Wednesday, April 29, 2015

Spring in Stewart Park

4/27/15 at 12:45pm
at Stewart Park

Temperature: 46 degrees
Wind: 5 to 17 MPH
Clouds: Mostly cloudy, with moments of sun

  • Canada geese
  • Mergansers
  • Robins
  • Gulls
  • Starlings

  • Lots of people parked in their cars looking at the lake
  • The smell of pot wafting through the air
  • Someone's leopard print underwear
  • Two fat guys fishing in the swan pen
  • A few runners
  • Construction work at the east pavilion

A week of firsts. Yesterday I posted about Rob and my plan to hike the local gorges. Today, it's running. I'm not a runner. I don't like running. I never have. But he got inspired to get off the couch, and back into an exercise plan, and I decided I should go with the program too. So I went for a run down at my Promontory.

With a half-hour program to complete, I needed more distance to cover. I headed into Renwick Woods, the Bird Sanctuary, and alternately ran then walked, the leafy paths. It was phenomenal. No wind, tall trees, soft ground beneath my feet. I almost wished I had used this forest for my semester of the Nature Writing course. And spring. Spring has finally come.

After the trek through the woods, I slipped away from the trees and back across Stewart Park, where I encountered more spring. A tall stone monument I've never seen before loomed. It was surrounded by daffodils- my favorite spring flower.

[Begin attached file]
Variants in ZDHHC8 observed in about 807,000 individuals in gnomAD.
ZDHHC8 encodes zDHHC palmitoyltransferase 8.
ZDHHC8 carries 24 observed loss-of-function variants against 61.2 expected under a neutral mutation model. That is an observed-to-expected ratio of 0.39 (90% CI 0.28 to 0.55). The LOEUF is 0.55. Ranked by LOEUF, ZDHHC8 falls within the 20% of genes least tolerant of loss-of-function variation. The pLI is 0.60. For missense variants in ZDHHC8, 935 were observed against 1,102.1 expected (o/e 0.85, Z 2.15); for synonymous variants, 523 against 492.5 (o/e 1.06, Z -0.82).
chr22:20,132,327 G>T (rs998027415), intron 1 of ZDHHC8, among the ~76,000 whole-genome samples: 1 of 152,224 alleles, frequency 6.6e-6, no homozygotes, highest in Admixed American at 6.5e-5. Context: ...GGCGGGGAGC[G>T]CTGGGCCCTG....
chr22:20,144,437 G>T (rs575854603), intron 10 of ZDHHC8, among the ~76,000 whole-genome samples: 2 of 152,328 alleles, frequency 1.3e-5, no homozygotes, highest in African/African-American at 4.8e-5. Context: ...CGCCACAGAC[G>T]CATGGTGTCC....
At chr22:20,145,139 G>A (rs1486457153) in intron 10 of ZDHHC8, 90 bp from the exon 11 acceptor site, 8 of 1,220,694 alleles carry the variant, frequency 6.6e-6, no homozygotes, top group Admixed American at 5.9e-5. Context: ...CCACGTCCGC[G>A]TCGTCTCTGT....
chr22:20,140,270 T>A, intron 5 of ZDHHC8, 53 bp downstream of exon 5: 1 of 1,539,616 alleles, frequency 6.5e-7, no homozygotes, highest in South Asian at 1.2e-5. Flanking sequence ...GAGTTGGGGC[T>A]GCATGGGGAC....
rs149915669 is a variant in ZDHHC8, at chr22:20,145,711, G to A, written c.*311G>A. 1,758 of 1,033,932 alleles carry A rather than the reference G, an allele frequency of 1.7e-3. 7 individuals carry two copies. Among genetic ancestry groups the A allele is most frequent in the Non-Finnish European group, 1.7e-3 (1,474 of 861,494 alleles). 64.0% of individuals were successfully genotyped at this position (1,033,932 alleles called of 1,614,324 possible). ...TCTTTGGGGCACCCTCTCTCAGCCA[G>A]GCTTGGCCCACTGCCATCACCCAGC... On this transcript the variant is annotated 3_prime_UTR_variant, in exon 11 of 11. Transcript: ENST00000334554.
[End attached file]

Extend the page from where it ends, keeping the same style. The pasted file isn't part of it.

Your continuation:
"I wandered lonely as a cloud
That floats on high o'er vales and hills,
When all at once I saw a crowd,
A host, of golden daffodils;
Beside the lake, beneath the trees,
Fluttering and dancing in the breeze."
-Walt Whitman

I had to memorize that poem in high school. It goes on for three more stanzas, and I love it. You can read the rest at the Poetry Foundation.

I made my way onto the bike path and jogged and walked back to the Promontory, where I slowed down for the final minutes of the workout. I walked the loop I had walked all those long winter months, and noticed real signs of spring. Honeysuckle, willow, and forsythia all put out their buds. Starlings and robins flew through the trees, then onto the grass patches where worms were thawing in the sun. It was a different world from what I've seen here. 

Then I came across this fellow, right near my west side beach where I've spent so much time. The Canada goose stood still next to the water, observing me, barely turning his head, but keeping close watch on my movements. I walked past, smiling at the life that was blooming on my Promontory. I circled back around and walked the loop again, cooling down and looking for any other sparks of life. And I found it.
She had completely escaped my notice just minutes before. Next to Mr. Canada goose, was Mrs. Canada goose. Nesting, sitting on her eggs, statuesque. (If you look very closely, you can see a brown blur to the right of the goose in the above photo). Here it was, finally, my payoff for all these months of visiting the Promontory in the desperate cold, wind, ice, blowing snow.  Here was a reminder that everything changes. Here was life, pushing through again, creating more life. 

According to All About Birds, Canada geese incubate their eggs for 25-28 days. It's been two weeks since my last visit here, so these eggs could hatch as soon as two weeks from now. I doubt I can time it right to catch the moment, but it sure would be amazing. I left her to warm her eggs on this cool, windy day, and promised to come back next week to check on her. I hope she'll stay safe, so close to humanity. 

It was an amazing visit, despite the running. I couldn't have asked for a better experience. I'll keep coming to the Promontory. It seems I can't keep away.


Laura Roberts said...

Your list of humanity made me cackle. Glad to see you're still going to the park.

Melanie Fox said...

I'm glad for the place you did choose :-)